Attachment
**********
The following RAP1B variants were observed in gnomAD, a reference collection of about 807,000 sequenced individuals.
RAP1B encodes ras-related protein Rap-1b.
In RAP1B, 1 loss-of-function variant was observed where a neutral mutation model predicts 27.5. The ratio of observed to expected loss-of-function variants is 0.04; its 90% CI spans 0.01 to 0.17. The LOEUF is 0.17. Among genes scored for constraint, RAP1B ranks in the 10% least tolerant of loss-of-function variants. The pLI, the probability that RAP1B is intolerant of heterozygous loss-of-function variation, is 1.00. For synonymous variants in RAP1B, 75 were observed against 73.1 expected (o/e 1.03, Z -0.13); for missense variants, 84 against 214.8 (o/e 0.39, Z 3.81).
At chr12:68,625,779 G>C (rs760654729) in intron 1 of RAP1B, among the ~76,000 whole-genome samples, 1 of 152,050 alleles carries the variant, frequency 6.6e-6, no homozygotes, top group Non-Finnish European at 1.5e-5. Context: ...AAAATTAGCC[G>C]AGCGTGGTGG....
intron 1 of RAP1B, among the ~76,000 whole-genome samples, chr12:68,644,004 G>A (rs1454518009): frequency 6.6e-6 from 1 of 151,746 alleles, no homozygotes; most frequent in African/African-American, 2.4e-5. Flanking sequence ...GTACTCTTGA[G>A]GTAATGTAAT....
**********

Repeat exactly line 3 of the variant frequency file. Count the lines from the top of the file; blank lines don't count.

In RAP1B, 1 loss-of-function variant was observed where a neutral mutation model predicts 27.5. The ratio of observed to expected loss-of-function variants is 0.04; its 90% CI spans 0.01 to 0.17. The LOEUF is 0.17. Among genes scored for constraint, RAP1B ranks in the 10% least tolerant of loss-of-function variants. The pLI, the probability that RAP1B is intolerant of heterozygous loss-of-function variation, is 1.00. For synonymous variants in RAP1B, 75 were observed against 73.1 expected (o/e 1.03, Z -0.13); for missense variants, 84 against 214.8 (o/e 0.39, Z 3.81).